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14 March 2013
Financial activity in Macau is regulated under the Financial System Act (Decree Law 32/93/M). The law mainly lays out the activities of financial institutions. Of particular interest is the chapter dedicated to the role of the financial intermediary. According to the act, a financial intermediary is:
"any individual or corporate body whose business is to buy and sell, on behalf of third parties, in a habitual form and with a view to profit, securities or other negotiable instruments transacted in the money, financial or foreign exchange markets, or to merely accept investors' orders relating to the disposal of these instruments".
Moreover, Article 118 of the act states that activity as a financial intermediary requires prior authorisation from the chief executive, to be granted on a case-by-case basis, and must be subject to advice from the Monetary Authority of Macau. All authorised and licensed institutions – including financial intermediaries – are bound to a special registration with the monetary authority prior to the commencement of their activities and are subject to its supervision.
The monetary authority, as regulator of monetary and financial markets, has implemented certain supervisory requirements for the distribution of financial products by banks. On September 17 2010 it issued the Guidelines on Provision and Distribution of Financial Products (Circular 033/B/2010-DSB/AMCM), which mention:
Notwithstanding the circular being addressed prima facie to banks – similarly to the provisions of the Financial System Act – it contains specific provisions for their staff and agents, who must be appropriately qualified for the role (or roles) that they will perform and have sufficient knowledge of the financial products with which they will deal.
The circular lays down the principles that banks must set in their codes of conduct and advises how banks should guide the attitude of their staff in fulfilling their duties. These codes of conduct should be submitted to the monetary authority.
According to the act, the financial intermediary can be an individual or a corporate body. In both the act and the licensing guidelines, it is visualised as a corporate body and referred to as an institution. Requirements regarding its capital and statutory bodies are imposed on it by the act and guidlines.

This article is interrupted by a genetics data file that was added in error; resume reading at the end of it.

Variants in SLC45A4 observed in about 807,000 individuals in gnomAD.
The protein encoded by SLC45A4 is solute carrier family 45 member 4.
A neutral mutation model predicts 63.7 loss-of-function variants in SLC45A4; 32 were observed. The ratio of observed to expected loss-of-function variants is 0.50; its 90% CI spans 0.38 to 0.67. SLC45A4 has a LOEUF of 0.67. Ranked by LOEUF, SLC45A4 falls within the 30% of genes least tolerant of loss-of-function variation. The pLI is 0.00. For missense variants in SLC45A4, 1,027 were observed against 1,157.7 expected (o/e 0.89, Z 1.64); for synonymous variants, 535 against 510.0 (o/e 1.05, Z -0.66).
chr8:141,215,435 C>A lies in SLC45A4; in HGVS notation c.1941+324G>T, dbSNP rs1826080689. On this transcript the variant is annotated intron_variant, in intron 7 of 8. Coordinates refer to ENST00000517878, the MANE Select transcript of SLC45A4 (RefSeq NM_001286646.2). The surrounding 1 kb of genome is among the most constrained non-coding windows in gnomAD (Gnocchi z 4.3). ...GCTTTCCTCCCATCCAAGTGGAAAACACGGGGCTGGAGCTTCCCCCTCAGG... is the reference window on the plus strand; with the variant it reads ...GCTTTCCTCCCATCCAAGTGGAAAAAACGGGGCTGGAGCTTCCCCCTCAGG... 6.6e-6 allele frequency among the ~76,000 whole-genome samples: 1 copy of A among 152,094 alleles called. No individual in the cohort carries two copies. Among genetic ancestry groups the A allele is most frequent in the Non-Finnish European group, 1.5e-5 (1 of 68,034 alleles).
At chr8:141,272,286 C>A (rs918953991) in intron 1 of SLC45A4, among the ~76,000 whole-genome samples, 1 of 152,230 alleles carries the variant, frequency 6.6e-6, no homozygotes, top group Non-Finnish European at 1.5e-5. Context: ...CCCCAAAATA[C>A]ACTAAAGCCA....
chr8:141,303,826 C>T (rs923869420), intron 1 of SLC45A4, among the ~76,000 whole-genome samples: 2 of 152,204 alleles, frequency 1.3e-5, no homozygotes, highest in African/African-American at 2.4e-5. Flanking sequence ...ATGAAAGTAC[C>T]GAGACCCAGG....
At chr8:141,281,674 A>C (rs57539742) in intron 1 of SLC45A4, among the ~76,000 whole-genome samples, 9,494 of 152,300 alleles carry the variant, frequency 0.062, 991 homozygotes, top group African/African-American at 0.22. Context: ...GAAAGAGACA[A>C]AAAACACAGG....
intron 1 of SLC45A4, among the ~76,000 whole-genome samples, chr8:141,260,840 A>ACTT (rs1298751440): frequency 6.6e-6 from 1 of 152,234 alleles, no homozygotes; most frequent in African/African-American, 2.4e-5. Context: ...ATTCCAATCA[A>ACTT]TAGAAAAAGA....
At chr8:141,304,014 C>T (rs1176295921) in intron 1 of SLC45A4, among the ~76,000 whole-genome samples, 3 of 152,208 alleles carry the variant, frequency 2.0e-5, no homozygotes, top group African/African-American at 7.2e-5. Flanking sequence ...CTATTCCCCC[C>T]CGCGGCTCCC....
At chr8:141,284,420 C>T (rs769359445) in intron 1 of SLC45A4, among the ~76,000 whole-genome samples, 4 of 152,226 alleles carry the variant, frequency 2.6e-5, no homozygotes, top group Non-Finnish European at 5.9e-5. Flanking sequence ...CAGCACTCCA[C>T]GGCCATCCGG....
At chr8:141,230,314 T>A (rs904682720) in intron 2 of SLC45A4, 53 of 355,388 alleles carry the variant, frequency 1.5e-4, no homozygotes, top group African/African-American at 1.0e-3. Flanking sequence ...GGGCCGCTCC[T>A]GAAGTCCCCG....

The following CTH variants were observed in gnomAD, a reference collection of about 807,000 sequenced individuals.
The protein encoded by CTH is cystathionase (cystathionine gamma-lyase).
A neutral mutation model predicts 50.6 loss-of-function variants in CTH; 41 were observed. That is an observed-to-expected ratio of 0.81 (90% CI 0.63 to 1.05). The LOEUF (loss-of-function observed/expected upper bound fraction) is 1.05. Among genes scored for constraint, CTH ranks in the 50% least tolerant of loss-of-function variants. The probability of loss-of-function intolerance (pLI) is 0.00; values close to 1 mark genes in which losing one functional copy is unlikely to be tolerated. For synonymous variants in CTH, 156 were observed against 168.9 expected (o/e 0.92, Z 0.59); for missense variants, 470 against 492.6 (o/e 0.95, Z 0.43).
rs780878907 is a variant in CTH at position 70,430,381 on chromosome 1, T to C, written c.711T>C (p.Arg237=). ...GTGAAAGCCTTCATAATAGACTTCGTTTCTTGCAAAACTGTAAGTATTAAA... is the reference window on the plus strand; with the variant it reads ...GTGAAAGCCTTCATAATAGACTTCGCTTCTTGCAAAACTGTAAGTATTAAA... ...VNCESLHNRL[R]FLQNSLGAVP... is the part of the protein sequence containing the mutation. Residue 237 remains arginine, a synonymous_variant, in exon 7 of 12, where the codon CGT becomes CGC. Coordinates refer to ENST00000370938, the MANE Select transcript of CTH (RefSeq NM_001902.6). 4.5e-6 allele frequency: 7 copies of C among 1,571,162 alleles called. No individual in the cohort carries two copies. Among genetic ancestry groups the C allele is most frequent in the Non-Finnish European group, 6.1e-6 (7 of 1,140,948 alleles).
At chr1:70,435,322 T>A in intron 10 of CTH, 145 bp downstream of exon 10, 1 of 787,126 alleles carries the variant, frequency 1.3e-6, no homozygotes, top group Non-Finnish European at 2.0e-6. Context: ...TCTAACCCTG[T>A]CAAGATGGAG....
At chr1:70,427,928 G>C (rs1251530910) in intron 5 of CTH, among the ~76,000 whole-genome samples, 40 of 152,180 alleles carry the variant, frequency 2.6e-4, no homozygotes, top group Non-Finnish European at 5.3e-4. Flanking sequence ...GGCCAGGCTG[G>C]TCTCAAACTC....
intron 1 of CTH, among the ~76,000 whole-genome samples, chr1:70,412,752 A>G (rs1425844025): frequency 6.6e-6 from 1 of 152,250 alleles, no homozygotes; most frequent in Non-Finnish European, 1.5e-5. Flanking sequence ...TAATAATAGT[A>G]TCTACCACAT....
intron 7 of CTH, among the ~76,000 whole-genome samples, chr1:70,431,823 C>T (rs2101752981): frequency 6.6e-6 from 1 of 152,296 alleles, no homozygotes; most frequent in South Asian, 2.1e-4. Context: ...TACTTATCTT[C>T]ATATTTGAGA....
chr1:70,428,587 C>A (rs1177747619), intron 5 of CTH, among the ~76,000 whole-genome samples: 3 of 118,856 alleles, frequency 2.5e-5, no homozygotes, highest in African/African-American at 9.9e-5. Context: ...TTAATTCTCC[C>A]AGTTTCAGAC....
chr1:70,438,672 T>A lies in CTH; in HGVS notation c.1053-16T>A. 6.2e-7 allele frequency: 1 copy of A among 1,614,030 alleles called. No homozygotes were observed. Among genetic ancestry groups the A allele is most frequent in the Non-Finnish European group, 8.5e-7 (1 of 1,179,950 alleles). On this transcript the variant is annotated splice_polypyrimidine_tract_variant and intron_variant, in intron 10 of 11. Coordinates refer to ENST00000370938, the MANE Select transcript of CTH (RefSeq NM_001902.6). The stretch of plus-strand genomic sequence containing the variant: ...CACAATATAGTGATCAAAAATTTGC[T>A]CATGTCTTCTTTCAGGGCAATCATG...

Therefore, it seems that even if financial intermediaries as individuals are subject to the issuance of a licence, the system in Macau has no specific provisions for licensing these individuals. In fact, comparing the Macau model with its counterparts in Hong Kong or Singapore, it could arguably be concluded that these are much more stringent in implementing requirements. In Hong Kong, for example, the Securities and Futures Commission, as the sector supervisor, has issued specific provisions on the licensing of individuals who intend to work as financial intermediaries.
The Monetary Authority of Singapore requires the licensing of all individuals who perform a regulated activity on behalf of a financial institution that is subject to the issuance of a capital markets services licence, or on behalf of a licensed financial adviser.
Should the status quo of the Macau regulatory framework last or, on the contrary, should Macau follow its neighbours' examples and establish tighter requirements with respect to individuals who sell financial products? For example, should Macau law set up mandatory submission to an examination prior to the issuance of the authorisation or licence? It must be kept in mind that the strict requirements in this area concern the need for greater protection of the consumer, generally considered to be the 'weaker party' in a consumer relationship.
Financial Intermediaries are professionals who deal directly with clients and advise them on savings plans, investments or insurance protection. These individuals play a crucial role when it comes to choosing a financial product. In this sense, it is essential to ensure, foremost, that the individuals possess solid knowledge of the financial products they work with, so they are able to convey appropriate information to customers and advise them on the best products to suit their needs.
Candidates should prove that they have knowledge about securities and tax regulations, marketing and sales, evaluation of customers, securities markets, finance and economics. Moreover, they should prove that they are able to evaluate customers in terms of their financial needs and knowledge about products, and to demonstrate that they will be able to help customers understand the specifications of each product and make an informed choice.
Even though some of these requirements are already included in the circular, it is thought that tighter control of their verification is necessary, not only after the issuance of the authorisation – in the exercise of its supervisory powers – but especially before granting the authorisation. Arguably, the regulator should assume this control a priori and not leave the responsibility exclusively to the employer.
To prevent the misselling and misrepresentation of the products, it is essential to ensure that the subjects involved in the sale of financial products hold the qualities necessary for this market to operate fairly and transparently.
In line with the monetary authority and circular, there is still much to be done in order to provide greater protection to consumers.
For further information on this topic please contact Pedro Cortés or Marta Mourão Teixeira at Rato Ling Vong Lei & Cortés Advogados by telephone (+853 2856 2322), fax (+853 2858 0991) or email (firstname.lastname@example.org or email@example.com).
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